Cleaning Up the Language in Basketball

UT vs. BUOver the years some basketball memories fade or become blurred, but some, like painful losses, remain vividly clear.  One memory of mine comes from nearly 25 years ago and made an indelible impression on me. When I coached with the Baylor women it was long before the Final Four teams of today. At that time we were lucky to even be in the shadow of the national power Lady Longhorns of Texas in a state that has always been passionate for girls basketball. They were revered by every girl in the state, but on this day, we actually held our own in a home game that brought a huge Texas crowd in a doubleheader with the men’s programs.  With the game going back and forth in the first half, one of the UT stars, a Parade High School All-American and leader of their squad, stepped to the free throw line, obviously annoyed that the game was competitive.  As she clanked one off the rim, she turned toward a section of the arena, oblivious to the section of junior high players cheering her every move, and let out the loudest rendition of #@*^$! I’ve ever heard come out of any player. Today, I still see the stunned look on the faces of those girls!

BASKETBALL – Clean it up!

sportsillustrated.cnn.com

sportsillustrated.cnn.com

I wasn’t sure that I wanted to write about profanity, but a few weeks ago, Josh Pastner, the head coach at Memphis took a bold stand (see Memphis Freshman Dominic Woodson Suspended for . . . Cussing) and it got me thinking.  I remembered back to the Texas example and several others, thought about the strong stance that our head coach at CUW, Shawn Cassidy, takes on the issue with our players, and then tried to sort through my feeling that we still need to clean it up.  However, the issue is amazingly complicated and not as clear-cut as you might think – from the NFL proposal to penalize for racial taunts, to the hair-trigger sensitivity to how fans will confront the lifestyle of Jason Collins as he plays for the Nets, to the trash talking you can hear in any arena or gym in America, and to the examples of great coaches who use profanity in their coaching and of those who refrain.  Profanity has been a part of our game.  I don’t like it and I’d love to see it cleaned up, but in our society today, that’s going to be a ongoing battle!

LIFE – Does it matter?

In the search for wisdom, I’m exploring why the sensor inside me went off this week. While recruiting at a game, I listened to the frequent chants of curse words from a raucous student section.  As I watched 14 and 15 year-olds taunt the officials, I also noticed that their faculty supervisors ignored the behavior with a look of “there’s no way I want to try to stop this” on their faces.  Each of us has that sensor, that feeling of right and wrong, but it often varies from issue to issue and from person to person.  I haven’t always listened to my sensor.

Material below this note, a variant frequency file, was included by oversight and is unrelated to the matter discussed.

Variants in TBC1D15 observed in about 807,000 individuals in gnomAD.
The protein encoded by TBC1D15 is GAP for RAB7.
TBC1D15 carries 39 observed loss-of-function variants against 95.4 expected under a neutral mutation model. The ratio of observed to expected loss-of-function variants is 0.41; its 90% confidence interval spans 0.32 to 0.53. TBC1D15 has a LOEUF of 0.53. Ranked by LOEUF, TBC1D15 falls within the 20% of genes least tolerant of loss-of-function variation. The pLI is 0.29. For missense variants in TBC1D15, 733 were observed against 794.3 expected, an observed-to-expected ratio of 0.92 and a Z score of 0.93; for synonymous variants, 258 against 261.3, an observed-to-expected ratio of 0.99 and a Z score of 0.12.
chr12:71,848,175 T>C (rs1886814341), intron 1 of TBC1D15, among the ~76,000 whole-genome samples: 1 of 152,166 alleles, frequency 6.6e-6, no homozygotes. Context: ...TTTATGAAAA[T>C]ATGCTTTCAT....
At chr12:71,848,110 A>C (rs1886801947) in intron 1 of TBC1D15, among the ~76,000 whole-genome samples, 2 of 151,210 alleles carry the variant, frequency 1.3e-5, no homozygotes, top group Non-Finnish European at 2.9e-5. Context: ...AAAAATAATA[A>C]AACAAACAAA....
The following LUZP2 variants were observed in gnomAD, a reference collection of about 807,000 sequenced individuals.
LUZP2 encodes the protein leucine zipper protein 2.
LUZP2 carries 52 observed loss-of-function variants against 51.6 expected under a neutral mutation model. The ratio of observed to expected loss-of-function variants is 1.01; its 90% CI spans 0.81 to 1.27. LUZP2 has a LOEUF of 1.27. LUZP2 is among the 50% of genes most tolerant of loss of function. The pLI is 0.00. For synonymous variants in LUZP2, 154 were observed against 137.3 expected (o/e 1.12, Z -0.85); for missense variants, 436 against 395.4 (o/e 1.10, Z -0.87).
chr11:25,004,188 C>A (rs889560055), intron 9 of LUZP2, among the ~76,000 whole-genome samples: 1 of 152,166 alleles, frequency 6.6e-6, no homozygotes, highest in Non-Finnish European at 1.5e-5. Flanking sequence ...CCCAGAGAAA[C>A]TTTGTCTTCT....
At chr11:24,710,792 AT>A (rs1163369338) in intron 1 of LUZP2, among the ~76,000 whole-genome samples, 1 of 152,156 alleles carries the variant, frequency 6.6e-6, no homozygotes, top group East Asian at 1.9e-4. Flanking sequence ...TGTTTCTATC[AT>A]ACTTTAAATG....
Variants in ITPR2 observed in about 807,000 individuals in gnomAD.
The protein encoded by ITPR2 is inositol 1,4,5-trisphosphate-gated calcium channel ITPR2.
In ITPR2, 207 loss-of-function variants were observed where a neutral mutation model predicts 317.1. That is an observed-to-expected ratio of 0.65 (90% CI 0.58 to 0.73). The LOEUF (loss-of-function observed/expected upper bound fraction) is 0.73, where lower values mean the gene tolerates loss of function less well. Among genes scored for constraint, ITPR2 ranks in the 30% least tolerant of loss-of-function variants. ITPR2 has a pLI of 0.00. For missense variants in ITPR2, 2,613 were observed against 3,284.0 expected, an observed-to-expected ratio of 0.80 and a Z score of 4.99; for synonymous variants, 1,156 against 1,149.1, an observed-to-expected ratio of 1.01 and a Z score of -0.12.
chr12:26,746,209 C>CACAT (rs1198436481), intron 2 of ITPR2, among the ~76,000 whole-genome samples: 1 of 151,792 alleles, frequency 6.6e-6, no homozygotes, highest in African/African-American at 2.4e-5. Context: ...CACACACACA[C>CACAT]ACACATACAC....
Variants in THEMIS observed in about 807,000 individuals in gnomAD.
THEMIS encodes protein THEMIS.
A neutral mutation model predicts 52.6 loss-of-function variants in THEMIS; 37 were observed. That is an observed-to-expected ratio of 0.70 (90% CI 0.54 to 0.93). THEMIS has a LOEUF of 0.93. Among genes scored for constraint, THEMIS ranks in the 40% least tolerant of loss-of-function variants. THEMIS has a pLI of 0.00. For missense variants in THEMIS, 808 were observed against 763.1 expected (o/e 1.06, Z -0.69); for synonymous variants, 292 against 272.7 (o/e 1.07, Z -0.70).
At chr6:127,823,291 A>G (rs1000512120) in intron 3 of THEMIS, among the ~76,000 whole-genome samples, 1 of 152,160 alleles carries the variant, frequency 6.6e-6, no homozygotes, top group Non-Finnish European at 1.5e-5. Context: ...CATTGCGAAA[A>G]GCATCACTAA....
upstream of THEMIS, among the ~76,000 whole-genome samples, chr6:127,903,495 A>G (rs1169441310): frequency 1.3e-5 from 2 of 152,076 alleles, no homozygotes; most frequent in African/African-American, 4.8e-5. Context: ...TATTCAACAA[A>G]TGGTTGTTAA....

www.relevantmagazine.com

www.relevantmagazine.com

In fact, in college I was surrounded by future pastors, teachers, business leaders, and doctors who routinely dipped into the profanity pool and now, no matter how closely I monitor my speech, those words creep into my self-talk far too often.  Most of us, even Christians, try to justify the use of those words as stress relief, or relating to our peers or our culture, as a way to emphasize our points, or like the Texas player who was probably a bit embarrassed over a mediocre performance, to cover mistakes by showing others how passionate we are.  As if dropping a bomb related to physical intimacy somehow tells people that you’re upset!  It’s interesting how so many of us cling to behaviors as some resistance to authority – possibly from parents or supervisors, or even the authority of God.  We may claim it really isn’t a sin like murder or adultery and that it’s just a bad habit or a slip of the tongue.  We may even get to the point of saying to the authority in our life “you can have everything else, but I’m going to say what I want to say.” To me that smacks of pride and arrogance for some, while for others it shows a need to feel accepted. You can do all the word study you want to find their origins, but I have a hard time understanding how curse words truly help any situation!

FAITH – What’s in your heart?

It’s not my goal to criticize those with a habit of letting choice words fly when they hang out with their friends, miss a free throw, or want to make a point. All I want to do is to challenge us to consider our word choices and habits in our speech.  As R. Eric Tippin points out in Is Swearing a Big Deal?, it’s really more about the attitude. Do you feel like using profanity is your right?  Do you feel like you can use it in one setting and not another?  And if you can, is that okay?  Do you feel any responsibility toward whoever may hear your words?   Check your sensor and then check your heart. Jesus teaches us:

” . .  . For whatever is in your heart determines what you say.”                        (Matt. 12:34b NLT)

The question is if your words reflect your heart, what’s in your heart when you drop a cuss or two?  As I wrote about last year about the Words coaches use, our words have power.  You may say it’s an individual choice to use whatever words you want, but when you use the wisdom of Jesus, it seems to me there’s only one choice – clean it up!

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